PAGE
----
If you have a professional designation, you will need to provide verification from FINRA.
You can provide your FINRA license to the company selling unregistered investments to prove you qualify as an accredited investor.
To acquire your Series 7, Series 65, or Series 82 licenses, each of which will qualify you as an accredited investor, you’ll need to take an exam given by FINRA.
Once you have passed the exam and earned your license, you can provide your documentation to the seller of the investments you want to purchase.
Here’s a high-level overview of each exam:
The steps to achieve your accredited investor status are not particularly difficult as long as you have your financial information easily accessible.
The main reason to follow through on the paperwork to become an accredited investor is to gain access to a wide range of potentially lucrative investment opportunities.
While these investments may be more complex and possibly riskier than some registered investments, they offer the possibility of higher returns.
Among the investment opportunities available to accredited investors are:
Many of these investment opportunities are not available to investors who have not met accredited investor requirements.
There are several reasons it can be worthwhile to determine if you meet accredited investor qualifications, such as:
Still, becoming an accredited investor comes with some disadvantages, such as:
Common questions about how to become an accredited investor include:
Some of those types of investments include private equity firms, hedge funds, venture capital funds, angel investing, and real estate crowdfunding opportunities.
Unless you work for a company that handles unregistered investment opportunities or have a designation from FINRA, you’ll need to qualify as an accredited investor based on your income or your assets.
You either need a net worth – excluding your primary residence – of $1 million or more, or you need an annual household income of $200,000 for an individual or $300,000 for a couple.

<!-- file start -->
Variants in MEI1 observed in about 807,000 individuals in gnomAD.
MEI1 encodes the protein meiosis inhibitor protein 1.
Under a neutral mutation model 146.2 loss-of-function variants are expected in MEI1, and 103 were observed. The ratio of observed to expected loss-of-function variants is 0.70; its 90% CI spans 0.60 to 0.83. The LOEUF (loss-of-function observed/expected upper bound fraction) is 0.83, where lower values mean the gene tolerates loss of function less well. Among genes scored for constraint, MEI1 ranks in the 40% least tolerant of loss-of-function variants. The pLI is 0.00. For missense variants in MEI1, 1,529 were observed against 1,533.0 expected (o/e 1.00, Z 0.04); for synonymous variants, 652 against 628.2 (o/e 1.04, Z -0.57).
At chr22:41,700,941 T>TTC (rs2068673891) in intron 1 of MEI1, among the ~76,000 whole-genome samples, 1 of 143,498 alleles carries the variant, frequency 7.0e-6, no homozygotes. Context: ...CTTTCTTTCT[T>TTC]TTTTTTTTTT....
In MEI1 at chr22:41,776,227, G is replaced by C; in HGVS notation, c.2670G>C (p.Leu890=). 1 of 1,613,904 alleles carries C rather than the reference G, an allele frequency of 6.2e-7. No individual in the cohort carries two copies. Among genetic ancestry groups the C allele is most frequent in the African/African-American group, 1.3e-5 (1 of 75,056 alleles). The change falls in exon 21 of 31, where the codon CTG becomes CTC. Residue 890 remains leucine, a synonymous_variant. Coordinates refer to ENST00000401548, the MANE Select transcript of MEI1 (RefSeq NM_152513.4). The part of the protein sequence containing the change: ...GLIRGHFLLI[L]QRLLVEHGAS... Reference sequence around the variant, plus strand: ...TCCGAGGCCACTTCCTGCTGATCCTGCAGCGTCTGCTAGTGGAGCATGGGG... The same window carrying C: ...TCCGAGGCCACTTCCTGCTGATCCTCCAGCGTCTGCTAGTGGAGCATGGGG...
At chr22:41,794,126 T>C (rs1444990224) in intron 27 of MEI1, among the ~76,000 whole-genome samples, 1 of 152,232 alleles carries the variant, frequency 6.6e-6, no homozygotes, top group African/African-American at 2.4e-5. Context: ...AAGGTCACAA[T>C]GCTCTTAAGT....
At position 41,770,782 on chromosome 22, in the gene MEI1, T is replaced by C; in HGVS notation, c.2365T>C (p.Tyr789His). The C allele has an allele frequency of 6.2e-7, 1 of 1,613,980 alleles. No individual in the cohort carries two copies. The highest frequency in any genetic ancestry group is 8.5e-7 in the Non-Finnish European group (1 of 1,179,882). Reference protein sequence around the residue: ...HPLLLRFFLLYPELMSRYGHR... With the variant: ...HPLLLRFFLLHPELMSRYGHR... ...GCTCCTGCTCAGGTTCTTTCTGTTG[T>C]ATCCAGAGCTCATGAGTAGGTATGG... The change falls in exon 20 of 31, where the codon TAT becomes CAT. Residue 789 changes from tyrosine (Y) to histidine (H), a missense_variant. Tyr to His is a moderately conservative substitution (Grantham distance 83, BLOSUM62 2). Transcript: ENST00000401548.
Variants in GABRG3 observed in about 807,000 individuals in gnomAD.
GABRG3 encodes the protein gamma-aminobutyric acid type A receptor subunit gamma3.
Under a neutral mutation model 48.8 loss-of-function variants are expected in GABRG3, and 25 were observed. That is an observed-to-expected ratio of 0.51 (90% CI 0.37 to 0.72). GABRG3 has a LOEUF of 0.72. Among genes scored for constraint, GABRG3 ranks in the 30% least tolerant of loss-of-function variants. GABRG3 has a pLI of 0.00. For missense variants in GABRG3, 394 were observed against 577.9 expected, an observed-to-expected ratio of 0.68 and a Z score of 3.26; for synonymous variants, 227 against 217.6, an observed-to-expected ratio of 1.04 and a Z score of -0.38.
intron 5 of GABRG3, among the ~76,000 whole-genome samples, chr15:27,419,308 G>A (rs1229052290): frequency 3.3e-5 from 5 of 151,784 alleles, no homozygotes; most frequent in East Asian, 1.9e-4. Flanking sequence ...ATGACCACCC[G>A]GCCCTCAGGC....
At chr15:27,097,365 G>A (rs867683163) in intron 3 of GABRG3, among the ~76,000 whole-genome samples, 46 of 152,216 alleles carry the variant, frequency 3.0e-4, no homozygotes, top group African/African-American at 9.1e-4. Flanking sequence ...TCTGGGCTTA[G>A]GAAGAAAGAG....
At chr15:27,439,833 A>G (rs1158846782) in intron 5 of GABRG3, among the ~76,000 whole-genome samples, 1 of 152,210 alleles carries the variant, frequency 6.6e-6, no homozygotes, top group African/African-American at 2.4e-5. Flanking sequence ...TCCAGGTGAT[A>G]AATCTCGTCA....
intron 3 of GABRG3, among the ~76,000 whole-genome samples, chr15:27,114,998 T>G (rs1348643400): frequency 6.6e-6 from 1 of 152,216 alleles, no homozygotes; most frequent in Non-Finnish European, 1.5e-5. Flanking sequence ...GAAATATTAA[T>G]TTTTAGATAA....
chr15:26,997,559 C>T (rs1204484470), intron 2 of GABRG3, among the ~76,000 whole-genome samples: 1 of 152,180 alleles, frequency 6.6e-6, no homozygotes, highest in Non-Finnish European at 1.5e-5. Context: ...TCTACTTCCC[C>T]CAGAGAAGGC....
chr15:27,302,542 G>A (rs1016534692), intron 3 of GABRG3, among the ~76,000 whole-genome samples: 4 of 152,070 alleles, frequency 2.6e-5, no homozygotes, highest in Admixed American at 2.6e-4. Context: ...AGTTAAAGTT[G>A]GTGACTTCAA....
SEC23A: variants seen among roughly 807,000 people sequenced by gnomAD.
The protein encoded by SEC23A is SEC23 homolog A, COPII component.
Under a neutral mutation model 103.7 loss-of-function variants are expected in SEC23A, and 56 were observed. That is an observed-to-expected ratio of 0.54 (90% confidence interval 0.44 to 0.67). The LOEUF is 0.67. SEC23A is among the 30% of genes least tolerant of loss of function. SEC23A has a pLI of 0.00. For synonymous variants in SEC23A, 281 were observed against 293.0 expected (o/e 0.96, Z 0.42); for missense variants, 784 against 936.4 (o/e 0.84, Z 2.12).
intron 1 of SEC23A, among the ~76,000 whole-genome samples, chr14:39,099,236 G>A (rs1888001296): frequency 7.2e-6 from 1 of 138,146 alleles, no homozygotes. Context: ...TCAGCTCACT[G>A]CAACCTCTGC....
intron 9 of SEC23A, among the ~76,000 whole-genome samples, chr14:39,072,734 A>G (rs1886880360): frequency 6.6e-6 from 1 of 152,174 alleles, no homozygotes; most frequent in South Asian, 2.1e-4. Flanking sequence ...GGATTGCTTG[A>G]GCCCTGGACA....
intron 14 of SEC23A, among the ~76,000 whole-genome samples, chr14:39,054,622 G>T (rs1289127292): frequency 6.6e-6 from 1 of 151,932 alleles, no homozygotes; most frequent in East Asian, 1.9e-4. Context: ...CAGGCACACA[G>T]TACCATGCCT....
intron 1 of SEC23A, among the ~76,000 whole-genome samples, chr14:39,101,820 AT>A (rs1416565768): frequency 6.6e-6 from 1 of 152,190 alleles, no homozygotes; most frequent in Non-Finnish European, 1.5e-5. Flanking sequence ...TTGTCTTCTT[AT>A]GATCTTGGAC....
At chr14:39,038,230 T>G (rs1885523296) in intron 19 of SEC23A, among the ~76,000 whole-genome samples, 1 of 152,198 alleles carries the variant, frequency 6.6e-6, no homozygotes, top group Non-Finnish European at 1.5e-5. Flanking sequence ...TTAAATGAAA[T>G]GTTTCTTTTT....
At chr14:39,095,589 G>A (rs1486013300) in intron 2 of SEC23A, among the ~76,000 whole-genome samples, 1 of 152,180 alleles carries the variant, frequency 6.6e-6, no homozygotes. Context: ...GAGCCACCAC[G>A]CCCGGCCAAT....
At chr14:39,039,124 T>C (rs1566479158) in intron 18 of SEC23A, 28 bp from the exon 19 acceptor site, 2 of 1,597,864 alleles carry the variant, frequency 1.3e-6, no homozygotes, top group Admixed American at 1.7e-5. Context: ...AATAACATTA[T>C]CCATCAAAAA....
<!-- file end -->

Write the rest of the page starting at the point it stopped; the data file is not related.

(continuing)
You must have that income level for at least two years from the same sources and show a reasonable expectation that your income will continue at that level in the following year.
While you likely know whether you have the income, net worth, or credentials to be an accredited investor, the seller of unregistered investment opportunities must prove that you meet accredited investor requirements.
Typically, you’ll be required to complete a form detailing your financial position and then provide financial statements such as tax returns, W2 forms that prove your income level, bank and investment statements that show your net worth, and a credit report.
In many cases, your financial advisor, CPA, tax attorney, or wealth manager will be asked to provide a verification letter on your behalf.
Becoming an accredited investor can be a fairly quick process as long as you have all your documentation easily accessible.
It’s particularly simple if you have a license from FINRA or have a position where you are considered a “knowledgeable individual.” Proving your financial strength to be an accredited investor may take a little longer since the paperwork must be reviewed, but even then, it can be a matter of a few business days for the investment seller to approve your accredited investor designation.
The primary advantage of earning your accredited investor designation is access to many more investment opportunities.
Unregistered investments such as private equity funds, hedge funds, venture capital funds, angel investor funds, and real estate crowdfunding opportunities are only available to accredited investors. This makes it easier to diversify your investment portfolio, potentially achieve higher returns, and to disconnect your investments from a correlation with stock market returns.
The consequences of lying about your accredited investor qualifications mostly fall on the company selling the investments since it is that company’s responsibility to prove that you meet the requirements to be designated as an accredited investor.
Most funds and investment vehicles are careful to verify all the financial documents, employment information, or licenses you provide to avoid any potential misrepresentation of someone’s accredited investor status.
However, if you falsify documents or provide misinformation about your accredited investor qualifications and are caught doing so, you could face financial and legal consequences.
If you’re interested in expanding your investment opportunities by investing in rental properties, hedge funds, private equity funds, or other potentially lucrative options, you may need to receive an accredited investor verification.
Accredited investors, who typically have a high income or a high net worth and are therefore more likely to be more sophisticated financially, can usually withstand the risks and potential losses from investments that are not registered by the SEC.
While there are some risks to be aware of with these investments and potentially high minimum investments, meeting the accredited investor requirements allows you to investigate a variety of new opportunities that may build your wealth quickly.
It’s likely worth your time to review your financial position to see if you meet the accredited investor qualifications and evaluate new investment opportunities.